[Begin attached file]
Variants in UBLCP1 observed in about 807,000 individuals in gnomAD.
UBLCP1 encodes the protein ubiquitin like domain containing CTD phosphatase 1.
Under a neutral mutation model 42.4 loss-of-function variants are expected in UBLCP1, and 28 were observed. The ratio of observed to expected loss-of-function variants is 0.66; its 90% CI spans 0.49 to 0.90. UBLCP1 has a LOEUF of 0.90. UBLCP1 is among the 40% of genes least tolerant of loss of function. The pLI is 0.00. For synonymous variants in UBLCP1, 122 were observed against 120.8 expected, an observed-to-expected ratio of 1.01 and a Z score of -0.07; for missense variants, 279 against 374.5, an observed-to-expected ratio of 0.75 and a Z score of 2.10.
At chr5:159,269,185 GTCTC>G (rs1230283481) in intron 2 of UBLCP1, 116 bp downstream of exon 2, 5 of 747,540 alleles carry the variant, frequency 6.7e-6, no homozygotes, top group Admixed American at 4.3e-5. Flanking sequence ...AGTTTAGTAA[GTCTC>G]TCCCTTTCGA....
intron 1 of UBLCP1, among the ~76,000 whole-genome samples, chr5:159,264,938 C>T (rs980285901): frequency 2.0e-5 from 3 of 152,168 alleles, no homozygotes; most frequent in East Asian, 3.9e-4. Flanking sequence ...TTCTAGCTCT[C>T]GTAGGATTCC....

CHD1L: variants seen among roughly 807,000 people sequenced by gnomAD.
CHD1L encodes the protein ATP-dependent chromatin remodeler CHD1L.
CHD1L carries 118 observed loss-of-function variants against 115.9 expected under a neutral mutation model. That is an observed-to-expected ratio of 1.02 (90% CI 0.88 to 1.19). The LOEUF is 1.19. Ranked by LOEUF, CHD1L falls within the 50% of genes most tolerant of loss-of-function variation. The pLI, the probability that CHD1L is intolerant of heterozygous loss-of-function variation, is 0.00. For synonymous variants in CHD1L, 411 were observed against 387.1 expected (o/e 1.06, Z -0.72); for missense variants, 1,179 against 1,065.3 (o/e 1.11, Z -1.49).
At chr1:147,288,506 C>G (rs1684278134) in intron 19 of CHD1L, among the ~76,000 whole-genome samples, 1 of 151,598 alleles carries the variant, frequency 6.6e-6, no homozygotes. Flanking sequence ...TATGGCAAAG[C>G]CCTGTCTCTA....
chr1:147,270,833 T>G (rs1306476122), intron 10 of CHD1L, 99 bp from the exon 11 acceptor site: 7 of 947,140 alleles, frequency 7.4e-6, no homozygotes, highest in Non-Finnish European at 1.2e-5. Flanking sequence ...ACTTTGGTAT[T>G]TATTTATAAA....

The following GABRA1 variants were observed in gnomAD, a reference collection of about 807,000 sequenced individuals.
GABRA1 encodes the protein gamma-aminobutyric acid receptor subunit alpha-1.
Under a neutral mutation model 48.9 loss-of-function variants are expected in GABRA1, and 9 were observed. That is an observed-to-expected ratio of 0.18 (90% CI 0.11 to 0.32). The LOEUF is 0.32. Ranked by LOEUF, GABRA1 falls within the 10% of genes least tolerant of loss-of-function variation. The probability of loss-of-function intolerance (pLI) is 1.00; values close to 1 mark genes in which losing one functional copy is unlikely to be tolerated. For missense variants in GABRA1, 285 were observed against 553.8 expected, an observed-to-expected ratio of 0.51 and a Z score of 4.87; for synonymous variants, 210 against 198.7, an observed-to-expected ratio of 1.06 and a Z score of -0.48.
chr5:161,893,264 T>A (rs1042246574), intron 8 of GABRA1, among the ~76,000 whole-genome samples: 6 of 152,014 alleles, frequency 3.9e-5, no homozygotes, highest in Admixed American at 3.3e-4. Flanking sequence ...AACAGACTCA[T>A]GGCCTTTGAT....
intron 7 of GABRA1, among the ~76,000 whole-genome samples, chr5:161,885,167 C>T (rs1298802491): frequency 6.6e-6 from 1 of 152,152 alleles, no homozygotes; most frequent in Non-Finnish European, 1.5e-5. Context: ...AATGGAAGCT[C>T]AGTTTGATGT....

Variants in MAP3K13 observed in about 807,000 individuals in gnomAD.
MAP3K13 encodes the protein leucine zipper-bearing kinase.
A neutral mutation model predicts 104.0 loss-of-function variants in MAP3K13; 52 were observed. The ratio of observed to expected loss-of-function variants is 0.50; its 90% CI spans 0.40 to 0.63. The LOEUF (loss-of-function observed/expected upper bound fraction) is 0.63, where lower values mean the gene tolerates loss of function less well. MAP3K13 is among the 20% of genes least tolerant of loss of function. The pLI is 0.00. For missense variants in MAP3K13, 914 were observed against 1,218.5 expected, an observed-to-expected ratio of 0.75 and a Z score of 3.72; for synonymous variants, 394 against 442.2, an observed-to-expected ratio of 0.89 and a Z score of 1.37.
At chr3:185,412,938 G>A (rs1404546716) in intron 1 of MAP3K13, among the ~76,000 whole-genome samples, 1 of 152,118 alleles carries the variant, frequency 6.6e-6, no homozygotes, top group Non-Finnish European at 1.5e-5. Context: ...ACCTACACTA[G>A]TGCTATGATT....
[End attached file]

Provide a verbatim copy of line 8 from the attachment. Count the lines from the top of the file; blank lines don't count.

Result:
CHD1L carries 118 observed loss-of-function variants against 115.9 expected under a neutral mutation model. That is an observed-to-expected ratio of 1.02 (90% CI 0.88 to 1.19). The LOEUF is 1.19. Ranked by LOEUF, CHD1L falls within the 50% of genes most tolerant of loss-of-function variation. The pLI, the probability that CHD1L is intolerant of heterozygous loss-of-function variation, is 0.00. For synonymous variants in CHD1L, 411 were observed against 387.1 expected (o/e 1.06, Z -0.72); for missense variants, 1,179 against 1,065.3 (o/e 1.11, Z -1.49).